consider the arrangement shown in fig The string is wrapped around a uniform cylinder which rolls without slipping .The other end of the string is passed over a massless ,frictionless pulley to a falling weight .determine acceleration of falling mass m in terms of only the mass of the cylinder M ,the mass m and g

- AravindG

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- AravindG

|dw:1327757617642:dw|

- anonymous

i consider that both of the object have the same mass.
F = ma
F = mg , (gravitational force which pulling the square object)
F = (m+m)a ,(grouping thses 2 object into the system)
F/2m = a

- JamesJ

No, that analysis isn't right. The cylinder has a moment of inertia,
\[ I = \frac{Mr^2}{2} \]
where \( r \) is its radius.
Hence if the cylinder has velocity \( v \), then because \( v = \omega r \) where \omega is the angular velocity. Thus the total kinetic energy is
\[ KE_{linear} + KE_{rotational} = \frac{1}{2}Mv^2 + \frac{1}{2}I\omega^2 \]
\[ = \frac{1}{2}Mv^2 + \frac{1}{2}Mr^2\frac{v^2}{r^2} \]
\[ = Mv^2 \]
Now, given that, you can use conservation of energy to find the energy of the cylinder when the weight \( m \) has fallen a distance \( h \). From that, use the Work-Energy Theorem and the fact
\[ \Delta U = \Delta KE_{block} + \Delta PE_{m} = Work = \int F \cdot dy = \int ma \ dy \]
to find the acceleration \( a \) on the block.

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## More answers

- anonymous

james why arent u bringing tension oor gravity into the poicture?

- anonymous

James is correct, though I believe to correct a small typo, the rotational kinetic energy should be
\[ \frac{1}{2} I \omega^2 = \frac{1}{2}\left(\frac{Mr^2}{2}\right)v^2r^2 = \frac{1}{4}Mv^2\]
so the total kinetic energy is
\[\frac{3}{4}Mv^2\]

- anonymous

@salini we automatically include tension when we equate the velocity of the center of mass of the cylinder with the velocity of the hanging weight, and the F in the integral happens to be the gravitational force.

- anonymous

when we equate the velocity and acceleration*

- AravindG

wndful

- anonymous

And I also had yet another typo, sorry....
\[\omega^2 = \frac{v^2}{r^2} \text{ not } v^2r^2\]
:)

- JamesJ

(@jem, thanks)

- AravindG

i hav a doubt

- AravindG

u see in eqns of moment of inertia like mr^2,mr^2/2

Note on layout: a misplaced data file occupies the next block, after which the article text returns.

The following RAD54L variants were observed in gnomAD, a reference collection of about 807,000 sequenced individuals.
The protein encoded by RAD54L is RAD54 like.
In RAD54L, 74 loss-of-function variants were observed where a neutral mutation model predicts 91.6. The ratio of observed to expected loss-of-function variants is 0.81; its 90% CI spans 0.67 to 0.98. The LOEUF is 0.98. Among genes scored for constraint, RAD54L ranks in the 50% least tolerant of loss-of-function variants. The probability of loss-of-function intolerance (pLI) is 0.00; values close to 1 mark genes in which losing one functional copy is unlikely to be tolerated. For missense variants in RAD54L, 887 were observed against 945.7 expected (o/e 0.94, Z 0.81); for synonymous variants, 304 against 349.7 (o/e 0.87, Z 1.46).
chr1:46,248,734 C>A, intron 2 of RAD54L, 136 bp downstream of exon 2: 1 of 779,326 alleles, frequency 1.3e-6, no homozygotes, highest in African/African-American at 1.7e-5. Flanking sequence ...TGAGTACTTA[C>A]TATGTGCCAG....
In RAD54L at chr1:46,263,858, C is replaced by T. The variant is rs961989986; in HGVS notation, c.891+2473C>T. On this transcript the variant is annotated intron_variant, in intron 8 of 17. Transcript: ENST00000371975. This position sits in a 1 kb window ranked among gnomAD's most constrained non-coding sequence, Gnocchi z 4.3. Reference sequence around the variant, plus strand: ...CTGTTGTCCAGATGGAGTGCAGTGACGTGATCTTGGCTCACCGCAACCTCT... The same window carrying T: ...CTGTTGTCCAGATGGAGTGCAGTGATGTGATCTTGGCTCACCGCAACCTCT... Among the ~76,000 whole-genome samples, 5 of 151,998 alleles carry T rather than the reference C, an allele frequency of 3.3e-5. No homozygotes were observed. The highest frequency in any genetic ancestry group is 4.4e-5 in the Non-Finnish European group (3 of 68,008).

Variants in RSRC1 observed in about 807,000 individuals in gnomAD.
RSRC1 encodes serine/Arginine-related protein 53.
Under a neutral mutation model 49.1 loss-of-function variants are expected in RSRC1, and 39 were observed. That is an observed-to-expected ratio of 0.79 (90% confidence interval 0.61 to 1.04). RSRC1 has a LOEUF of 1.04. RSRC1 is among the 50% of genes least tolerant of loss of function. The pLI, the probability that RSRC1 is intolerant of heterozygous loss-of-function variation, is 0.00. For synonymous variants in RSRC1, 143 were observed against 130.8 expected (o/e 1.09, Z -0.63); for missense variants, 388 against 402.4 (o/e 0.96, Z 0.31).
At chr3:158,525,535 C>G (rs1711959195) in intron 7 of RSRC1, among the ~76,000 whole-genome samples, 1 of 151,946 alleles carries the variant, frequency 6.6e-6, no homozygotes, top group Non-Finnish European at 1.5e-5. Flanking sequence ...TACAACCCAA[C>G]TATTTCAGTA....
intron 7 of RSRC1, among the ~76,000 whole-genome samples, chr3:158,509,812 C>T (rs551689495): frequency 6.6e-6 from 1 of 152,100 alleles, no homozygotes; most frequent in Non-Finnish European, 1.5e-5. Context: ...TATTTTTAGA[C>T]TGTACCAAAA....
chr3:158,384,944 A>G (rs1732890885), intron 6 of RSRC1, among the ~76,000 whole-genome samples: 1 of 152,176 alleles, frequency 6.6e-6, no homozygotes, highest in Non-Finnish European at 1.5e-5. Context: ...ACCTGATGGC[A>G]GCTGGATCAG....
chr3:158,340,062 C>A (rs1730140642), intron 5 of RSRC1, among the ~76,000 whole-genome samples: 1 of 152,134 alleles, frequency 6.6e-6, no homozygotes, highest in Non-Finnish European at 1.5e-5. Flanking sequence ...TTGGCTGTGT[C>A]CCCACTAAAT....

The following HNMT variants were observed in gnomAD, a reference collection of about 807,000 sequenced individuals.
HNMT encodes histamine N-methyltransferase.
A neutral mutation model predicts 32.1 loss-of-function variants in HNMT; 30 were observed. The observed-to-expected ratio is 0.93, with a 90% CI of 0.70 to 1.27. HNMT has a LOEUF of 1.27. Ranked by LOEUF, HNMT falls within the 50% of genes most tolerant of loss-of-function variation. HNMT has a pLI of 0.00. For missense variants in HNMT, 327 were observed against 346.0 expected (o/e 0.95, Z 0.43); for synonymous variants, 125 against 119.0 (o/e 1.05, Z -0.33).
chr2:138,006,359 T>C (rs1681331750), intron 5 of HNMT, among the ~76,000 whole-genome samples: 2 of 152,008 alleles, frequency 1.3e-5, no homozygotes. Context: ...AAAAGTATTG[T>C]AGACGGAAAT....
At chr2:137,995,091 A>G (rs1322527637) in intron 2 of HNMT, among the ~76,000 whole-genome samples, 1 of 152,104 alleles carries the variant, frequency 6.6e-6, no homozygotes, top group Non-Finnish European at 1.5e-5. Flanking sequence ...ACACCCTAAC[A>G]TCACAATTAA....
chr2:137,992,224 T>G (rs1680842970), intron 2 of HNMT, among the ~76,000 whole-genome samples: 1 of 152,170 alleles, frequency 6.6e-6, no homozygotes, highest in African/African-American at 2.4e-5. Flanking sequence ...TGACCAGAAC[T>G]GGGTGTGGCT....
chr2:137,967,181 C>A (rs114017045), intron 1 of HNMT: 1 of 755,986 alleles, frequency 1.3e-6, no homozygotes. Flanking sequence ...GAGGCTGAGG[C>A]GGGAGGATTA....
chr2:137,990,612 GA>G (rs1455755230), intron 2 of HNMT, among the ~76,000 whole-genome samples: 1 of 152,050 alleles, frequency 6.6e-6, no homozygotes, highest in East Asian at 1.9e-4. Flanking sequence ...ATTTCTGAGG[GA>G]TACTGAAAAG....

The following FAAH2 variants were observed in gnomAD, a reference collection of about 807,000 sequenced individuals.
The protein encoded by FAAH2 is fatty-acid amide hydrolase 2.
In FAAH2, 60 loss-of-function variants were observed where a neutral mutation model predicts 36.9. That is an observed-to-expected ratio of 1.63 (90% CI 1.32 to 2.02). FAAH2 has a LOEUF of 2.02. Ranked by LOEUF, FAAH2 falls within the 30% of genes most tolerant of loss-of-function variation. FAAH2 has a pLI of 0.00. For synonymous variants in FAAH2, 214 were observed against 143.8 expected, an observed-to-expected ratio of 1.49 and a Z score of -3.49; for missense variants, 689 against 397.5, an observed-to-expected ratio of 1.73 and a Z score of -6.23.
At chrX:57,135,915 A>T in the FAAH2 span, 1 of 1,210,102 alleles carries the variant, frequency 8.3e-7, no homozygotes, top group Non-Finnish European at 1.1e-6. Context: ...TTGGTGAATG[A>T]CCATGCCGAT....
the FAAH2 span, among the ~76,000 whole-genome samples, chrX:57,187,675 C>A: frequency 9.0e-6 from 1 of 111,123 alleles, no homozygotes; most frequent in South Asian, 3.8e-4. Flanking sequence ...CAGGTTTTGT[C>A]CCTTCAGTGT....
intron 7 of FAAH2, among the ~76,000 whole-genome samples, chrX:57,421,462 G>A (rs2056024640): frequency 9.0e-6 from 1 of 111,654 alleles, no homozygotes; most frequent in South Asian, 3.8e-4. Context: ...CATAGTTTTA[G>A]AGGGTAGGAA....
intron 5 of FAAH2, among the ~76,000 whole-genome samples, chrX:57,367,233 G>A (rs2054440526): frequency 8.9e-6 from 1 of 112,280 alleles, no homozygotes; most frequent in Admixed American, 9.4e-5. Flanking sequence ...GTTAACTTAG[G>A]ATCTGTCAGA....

- AravindG

what is the r basically??

- anonymous

r is the radius of the cylinder. The moments of inertia of differently shaped objects are not the same. For a disc and a solid cylinder, I = mr^2/2 (assuming we're rotating about the axis poking through the radial center), whereas for a hoop or a hollow cylinder I = mr^2.

- anonymous

total energy is k.e+p.e right so y arent u guys including that anywhere ?

- AravindG

|dw:1327769992982:dw|

- AravindG

|dw:1327770030252:dw|

- AravindG

i rotate about axis q then r is??

- AravindG

|dw:1327770065239:dw|

- anonymous

@Aravind that's a more complicated moment of inertia, so it's not as simple to write down.

- anonymous

change in kinetic energy=work done by net force=m*a

- AravindG

hey actually i did that qn

- anonymous

no. m*a is not the work done. It is the force.

- AravindG

pls tell the sides are made of rods

- anonymous

in ther question they have asked for a in terms of M,m.g but we have to include displacement here

- AravindG

wat is momentr of inertia?

- anonymous

You have to do an integral to find that. Post a new question about calculating moment of inertia if you'd like to know how.

- anonymous

And no we don't, not for the acceleration.

- AravindG

hey but salini gave me the answr 3mr^2

- anonymous

when?

- AravindG

hey we did that remember?

- anonymous

is athat an equilateral triangle?

- AravindG

ys

- AravindG

made of uniform rods of length l

- AravindG

q is centre of mass

- anonymous

then use trignometry to find aq

- AravindG

axis is q

- AravindG

aq is l/root 3 then??

- anonymous

3*m*(aq)^2

- AravindG

that is 3 ml^2

- AravindG

srry ml^2

- anonymous

annu

- AravindG

u gud in maths?

- AravindG

salini?

- anonymous

arayila enniku orakam verunu anywaY PARA NOOKATE

- AravindG

http://www.twiddla.com/736142

- anonymous

Using Forces,
Tr = Mr^2 / 2 * a / 2r ----- where a is acceleration of block which will be double of cylinder. And T is Tension.
=> T = Ma/4
Now plugging in equation for block,
mg - T = ma
mg - Ma/4 = ma
Therefore,
a = 4mg / ( M + 4m)

- anonymous

siddhantsharan, why is Tr = Mr^2 / 2 * a / 2r
that is I*a/2r why? and how?

- anonymous

Salini,
In the fig. the string is attached to top of the sphere.
From rotation dynamics we know that acceleration of the point at the top of sphere = a (COM) + (angular Acceleration) / r
= a + a ( pure rolling => a = Angular acceleration / r)
= 2a.
Where a is acceleration of COM of sphere which is what we consider the sphere's acceleration to be during Force Concept.
Now along the string Acceleration has to be equal.
Hence, a ( top of sphere) = a (block)
Therefore a(block) = 2a.
In the answer I have assumed a to be acceleration of block and solved for a.
Therefore Acceleration of sphere = a /2
Cheers. :)

- anonymous

|dw:1327926218152:dw|@ siddhantsharan
your 3rd step: acce of sphere = a (COM) + (angular Acceleration) / r

- anonymous

Sorry. Typo error. Answer is still the same.

- anonymous

YOu got the concept right?

- anonymous

Tr = Mr^2 / 2 * a / 2r
here, is a/2r the angular acceleration of cylinder if so T=M*a*r/4 not Ma/4

- anonymous

Wait I'll draw it for clarity.|dw:1327878291024:dw|

- anonymous

last doubt.....how did u get T*r ?

- anonymous

|dw:1327880069640:dw|
Hence ,
Force on sphere is Tension.
Torque of Tension = r x F
= r x T
Hence Torque is Tr.

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